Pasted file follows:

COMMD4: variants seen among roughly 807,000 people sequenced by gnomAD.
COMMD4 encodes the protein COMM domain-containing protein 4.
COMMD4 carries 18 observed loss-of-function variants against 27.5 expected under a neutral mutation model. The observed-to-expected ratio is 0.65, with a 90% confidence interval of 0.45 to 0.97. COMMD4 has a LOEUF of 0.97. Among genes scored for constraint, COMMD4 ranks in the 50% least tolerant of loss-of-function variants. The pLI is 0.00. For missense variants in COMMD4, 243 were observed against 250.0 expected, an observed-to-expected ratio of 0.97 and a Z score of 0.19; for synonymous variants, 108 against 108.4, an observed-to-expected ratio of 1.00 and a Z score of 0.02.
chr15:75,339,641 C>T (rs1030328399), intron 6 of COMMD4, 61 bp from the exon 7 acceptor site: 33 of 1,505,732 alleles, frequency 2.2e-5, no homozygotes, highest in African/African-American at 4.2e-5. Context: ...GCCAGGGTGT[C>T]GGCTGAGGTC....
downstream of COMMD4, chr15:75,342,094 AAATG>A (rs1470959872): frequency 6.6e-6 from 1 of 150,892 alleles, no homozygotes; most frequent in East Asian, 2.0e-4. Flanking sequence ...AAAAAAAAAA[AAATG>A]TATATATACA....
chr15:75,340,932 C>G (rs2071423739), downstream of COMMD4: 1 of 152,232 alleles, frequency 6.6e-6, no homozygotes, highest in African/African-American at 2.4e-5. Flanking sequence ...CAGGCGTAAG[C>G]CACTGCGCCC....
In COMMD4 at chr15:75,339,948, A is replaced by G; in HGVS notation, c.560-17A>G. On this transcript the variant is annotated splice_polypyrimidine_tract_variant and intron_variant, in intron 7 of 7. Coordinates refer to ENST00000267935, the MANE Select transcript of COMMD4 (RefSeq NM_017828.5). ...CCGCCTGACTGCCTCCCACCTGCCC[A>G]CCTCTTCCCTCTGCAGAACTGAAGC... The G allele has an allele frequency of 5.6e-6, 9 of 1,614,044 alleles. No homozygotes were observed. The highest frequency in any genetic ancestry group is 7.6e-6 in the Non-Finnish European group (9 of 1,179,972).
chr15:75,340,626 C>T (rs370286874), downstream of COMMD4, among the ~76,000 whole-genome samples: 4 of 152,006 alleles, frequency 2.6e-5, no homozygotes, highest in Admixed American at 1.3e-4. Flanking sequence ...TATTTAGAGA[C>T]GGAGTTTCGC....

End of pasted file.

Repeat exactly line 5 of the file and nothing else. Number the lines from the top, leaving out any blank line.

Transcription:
downstream of COMMD4, chr15:75,342,094 AAATG>A (rs1470959872): frequency 6.6e-6 from 1 of 150,892 alleles, no homozygotes; most frequent in East Asian, 2.0e-4. Flanking sequence ...AAAAAAAAAA[AAATG>A]TATATATACA....